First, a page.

Thursday, October 27, 2016

Boats and Bridges

I live near the Mississippi and see it every day, and I love being near one of the world's great rivers. Lake Superior is a much different body of water - it is massive, cold and you cannot see across it. There is much life in it and birds swim its surface and soar over it. Unusual birds are sometimes seen in the Duluth area - seabirds like Jaegers, or hawk owls who have flown south of their usual range. Duluth is a deep, long, narrow bowl. Its steep streets rise out of the central part of the city to an encircling ridge. Migrating raptors sail over the ridge by the thousands in the fall. Hawk Ridge is a popular spot to watch this wonder. And it is a beautiful place to watch the port: from the open water of the lake through the canal at the Lift Bridge, past docks and elevators 'til it disappears into the fresh water estuary and wetlands of the mouth of the St. Louis River.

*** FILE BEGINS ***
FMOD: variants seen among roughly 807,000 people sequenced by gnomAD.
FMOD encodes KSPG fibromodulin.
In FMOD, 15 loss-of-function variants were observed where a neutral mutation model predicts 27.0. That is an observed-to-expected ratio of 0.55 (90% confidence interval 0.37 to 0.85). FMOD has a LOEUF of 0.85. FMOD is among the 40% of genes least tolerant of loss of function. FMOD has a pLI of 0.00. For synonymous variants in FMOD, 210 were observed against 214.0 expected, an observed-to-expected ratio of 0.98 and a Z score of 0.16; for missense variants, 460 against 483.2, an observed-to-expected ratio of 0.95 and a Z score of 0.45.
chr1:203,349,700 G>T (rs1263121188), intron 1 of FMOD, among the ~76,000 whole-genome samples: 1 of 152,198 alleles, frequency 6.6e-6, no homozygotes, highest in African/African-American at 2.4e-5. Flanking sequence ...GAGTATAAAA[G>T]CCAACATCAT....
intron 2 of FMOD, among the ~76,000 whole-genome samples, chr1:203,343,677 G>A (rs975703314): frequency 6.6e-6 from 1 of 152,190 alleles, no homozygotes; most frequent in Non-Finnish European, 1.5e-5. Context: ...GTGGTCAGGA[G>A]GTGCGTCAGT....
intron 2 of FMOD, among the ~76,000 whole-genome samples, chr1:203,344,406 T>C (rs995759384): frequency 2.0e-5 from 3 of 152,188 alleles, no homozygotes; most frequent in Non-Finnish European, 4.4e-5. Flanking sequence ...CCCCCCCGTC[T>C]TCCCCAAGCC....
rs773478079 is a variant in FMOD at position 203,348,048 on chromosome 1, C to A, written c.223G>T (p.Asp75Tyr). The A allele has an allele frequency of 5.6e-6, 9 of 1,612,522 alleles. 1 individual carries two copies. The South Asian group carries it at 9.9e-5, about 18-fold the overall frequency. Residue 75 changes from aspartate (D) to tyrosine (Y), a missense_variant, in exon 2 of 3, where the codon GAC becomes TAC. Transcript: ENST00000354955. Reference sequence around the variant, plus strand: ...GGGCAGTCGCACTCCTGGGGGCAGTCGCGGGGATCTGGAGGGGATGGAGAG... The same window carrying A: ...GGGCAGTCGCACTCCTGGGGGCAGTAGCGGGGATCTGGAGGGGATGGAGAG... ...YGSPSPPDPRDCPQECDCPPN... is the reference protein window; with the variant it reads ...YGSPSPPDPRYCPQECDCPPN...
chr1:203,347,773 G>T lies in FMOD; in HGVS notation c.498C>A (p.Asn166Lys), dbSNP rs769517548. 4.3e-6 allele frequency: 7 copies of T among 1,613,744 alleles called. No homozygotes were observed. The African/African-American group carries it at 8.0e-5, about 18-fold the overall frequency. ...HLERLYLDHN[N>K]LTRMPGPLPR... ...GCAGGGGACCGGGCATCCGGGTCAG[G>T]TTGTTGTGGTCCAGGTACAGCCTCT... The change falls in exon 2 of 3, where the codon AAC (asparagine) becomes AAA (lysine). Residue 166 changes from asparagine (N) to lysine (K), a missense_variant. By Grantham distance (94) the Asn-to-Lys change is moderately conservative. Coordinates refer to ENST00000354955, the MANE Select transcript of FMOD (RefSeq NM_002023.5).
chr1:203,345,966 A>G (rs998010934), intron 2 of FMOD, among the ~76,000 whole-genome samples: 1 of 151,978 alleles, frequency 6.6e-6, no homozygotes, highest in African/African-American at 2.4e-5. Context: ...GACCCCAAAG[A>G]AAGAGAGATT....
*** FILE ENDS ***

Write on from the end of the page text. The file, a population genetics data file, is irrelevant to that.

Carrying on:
Painting in Duluth meant viewing the water with an awareness of the impact of human activity on the lake - the simple geometries of elevators, the arcs of bridges stitching across the sky, ever-present boats, from delicate rowing shells to gigantic ore boats. Focusing on building painting compositions from boats was a good way to find painting spots in an unfamiliar place and working with their bobbing, turning forms in changing light conditions was a challenge.

Bridges are interesting elements to work with as well and Duluth has many. From certain vantages you could see several of them, once again providing structure to build a painting around.

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